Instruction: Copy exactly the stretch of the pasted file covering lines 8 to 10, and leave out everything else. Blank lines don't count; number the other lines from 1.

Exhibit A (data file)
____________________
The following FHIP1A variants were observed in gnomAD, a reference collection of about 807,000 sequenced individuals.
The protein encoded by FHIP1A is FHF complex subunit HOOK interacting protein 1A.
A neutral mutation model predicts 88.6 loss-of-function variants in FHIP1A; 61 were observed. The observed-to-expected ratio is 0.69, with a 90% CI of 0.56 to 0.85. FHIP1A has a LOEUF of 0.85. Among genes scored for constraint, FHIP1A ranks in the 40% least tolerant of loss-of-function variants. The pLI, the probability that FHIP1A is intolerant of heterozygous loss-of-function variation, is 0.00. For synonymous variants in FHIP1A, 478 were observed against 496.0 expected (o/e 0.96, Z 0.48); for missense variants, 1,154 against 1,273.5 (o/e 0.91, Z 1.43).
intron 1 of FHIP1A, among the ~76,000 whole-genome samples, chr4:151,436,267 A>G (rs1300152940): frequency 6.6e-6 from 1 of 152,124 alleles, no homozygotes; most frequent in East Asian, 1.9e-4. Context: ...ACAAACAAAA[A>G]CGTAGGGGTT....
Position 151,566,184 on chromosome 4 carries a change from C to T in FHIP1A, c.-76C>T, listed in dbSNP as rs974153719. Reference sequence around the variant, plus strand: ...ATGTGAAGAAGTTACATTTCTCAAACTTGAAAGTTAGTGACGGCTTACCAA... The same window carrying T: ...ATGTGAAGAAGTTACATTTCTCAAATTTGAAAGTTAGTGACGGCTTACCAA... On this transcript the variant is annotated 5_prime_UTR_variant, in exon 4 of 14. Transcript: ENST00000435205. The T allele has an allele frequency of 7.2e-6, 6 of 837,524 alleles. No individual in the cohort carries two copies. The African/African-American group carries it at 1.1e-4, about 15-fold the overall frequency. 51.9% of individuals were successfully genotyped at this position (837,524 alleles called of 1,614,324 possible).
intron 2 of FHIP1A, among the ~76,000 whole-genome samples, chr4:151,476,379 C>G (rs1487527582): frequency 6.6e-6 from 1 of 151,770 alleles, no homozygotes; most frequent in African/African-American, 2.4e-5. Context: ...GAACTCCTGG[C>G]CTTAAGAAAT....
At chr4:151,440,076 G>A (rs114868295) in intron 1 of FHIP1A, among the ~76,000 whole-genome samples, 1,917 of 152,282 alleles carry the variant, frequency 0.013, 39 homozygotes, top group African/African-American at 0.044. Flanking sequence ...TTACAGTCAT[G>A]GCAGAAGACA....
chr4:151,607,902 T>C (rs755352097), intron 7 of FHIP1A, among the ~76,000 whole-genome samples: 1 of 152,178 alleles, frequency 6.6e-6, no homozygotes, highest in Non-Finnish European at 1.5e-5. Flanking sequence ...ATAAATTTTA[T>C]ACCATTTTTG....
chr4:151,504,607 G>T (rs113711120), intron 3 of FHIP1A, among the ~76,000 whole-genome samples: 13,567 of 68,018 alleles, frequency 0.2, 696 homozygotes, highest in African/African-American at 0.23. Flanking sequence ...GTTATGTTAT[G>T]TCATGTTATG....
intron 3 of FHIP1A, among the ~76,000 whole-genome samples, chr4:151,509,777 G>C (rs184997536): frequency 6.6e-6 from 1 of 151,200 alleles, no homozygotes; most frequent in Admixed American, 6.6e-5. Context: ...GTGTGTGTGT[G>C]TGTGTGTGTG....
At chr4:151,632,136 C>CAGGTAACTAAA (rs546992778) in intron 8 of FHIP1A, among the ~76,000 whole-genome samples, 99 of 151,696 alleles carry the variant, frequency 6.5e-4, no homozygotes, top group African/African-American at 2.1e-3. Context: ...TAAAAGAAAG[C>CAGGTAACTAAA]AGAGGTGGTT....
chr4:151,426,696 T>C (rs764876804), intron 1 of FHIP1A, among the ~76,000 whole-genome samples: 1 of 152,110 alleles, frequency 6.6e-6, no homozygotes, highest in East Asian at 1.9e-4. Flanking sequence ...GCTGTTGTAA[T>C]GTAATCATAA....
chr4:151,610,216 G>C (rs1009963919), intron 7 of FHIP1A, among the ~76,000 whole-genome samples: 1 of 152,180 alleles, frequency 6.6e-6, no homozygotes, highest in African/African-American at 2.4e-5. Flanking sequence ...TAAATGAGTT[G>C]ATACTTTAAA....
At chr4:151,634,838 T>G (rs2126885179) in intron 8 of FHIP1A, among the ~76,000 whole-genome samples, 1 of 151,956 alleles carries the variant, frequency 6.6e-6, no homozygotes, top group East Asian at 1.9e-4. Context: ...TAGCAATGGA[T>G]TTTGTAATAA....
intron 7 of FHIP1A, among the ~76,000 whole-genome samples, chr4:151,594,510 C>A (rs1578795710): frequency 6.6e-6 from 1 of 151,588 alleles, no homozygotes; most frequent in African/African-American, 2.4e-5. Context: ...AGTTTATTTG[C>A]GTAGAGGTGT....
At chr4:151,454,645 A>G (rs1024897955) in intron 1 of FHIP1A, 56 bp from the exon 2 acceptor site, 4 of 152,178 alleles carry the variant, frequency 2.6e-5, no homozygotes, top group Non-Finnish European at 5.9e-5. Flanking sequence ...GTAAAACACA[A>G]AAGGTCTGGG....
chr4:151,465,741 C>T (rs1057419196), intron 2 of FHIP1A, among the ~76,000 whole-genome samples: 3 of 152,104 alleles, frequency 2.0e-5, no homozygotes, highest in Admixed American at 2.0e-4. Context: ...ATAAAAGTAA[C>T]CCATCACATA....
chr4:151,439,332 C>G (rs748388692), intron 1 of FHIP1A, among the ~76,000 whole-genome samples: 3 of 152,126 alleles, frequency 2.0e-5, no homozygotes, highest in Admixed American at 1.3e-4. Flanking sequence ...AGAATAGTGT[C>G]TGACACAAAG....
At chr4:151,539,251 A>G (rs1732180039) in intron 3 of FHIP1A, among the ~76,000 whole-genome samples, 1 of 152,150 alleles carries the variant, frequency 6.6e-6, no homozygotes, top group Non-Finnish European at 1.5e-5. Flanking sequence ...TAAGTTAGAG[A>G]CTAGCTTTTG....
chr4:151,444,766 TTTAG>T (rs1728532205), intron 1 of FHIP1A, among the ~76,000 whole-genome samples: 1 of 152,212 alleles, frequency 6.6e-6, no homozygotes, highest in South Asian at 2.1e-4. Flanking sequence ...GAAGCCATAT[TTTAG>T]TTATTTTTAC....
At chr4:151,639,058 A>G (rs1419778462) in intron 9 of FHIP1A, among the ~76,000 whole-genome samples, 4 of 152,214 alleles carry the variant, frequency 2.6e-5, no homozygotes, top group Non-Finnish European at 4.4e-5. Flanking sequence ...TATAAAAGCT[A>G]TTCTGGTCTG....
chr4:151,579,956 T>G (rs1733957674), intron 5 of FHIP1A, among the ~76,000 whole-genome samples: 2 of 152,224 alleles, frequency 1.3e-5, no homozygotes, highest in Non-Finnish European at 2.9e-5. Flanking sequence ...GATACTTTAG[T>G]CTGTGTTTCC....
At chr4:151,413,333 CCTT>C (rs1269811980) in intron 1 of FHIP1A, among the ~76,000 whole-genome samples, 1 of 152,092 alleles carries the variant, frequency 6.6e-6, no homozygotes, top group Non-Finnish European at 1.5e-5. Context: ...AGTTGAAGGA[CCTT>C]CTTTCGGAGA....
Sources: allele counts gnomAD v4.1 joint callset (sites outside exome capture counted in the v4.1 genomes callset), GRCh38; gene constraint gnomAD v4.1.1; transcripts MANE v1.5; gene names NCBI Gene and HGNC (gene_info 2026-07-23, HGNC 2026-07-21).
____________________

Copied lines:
chr4:151,607,902 T>C (rs755352097), intron 7 of FHIP1A, among the ~76,000 whole-genome samples: 1 of 152,178 alleles, frequency 6.6e-6, no homozygotes, highest in Non-Finnish European at 1.5e-5. Flanking sequence ...ATAAATTTTA[T>C]ACCATTTTTG....
chr4:151,504,607 G>T (rs113711120), intron 3 of FHIP1A, among the ~76,000 whole-genome samples: 13,567 of 68,018 alleles, frequency 0.2, 696 homozygotes, highest in African/African-American at 0.23. Flanking sequence ...GTTATGTTAT[G>T]TCATGTTATG....
intron 3 of FHIP1A, among the ~76,000 whole-genome samples, chr4:151,509,777 G>C (rs184997536): frequency 6.6e-6 from 1 of 151,200 alleles, no homozygotes; most frequent in Admixed American, 6.6e-5. Context: ...GTGTGTGTGT[G>C]TGTGTGTGTG....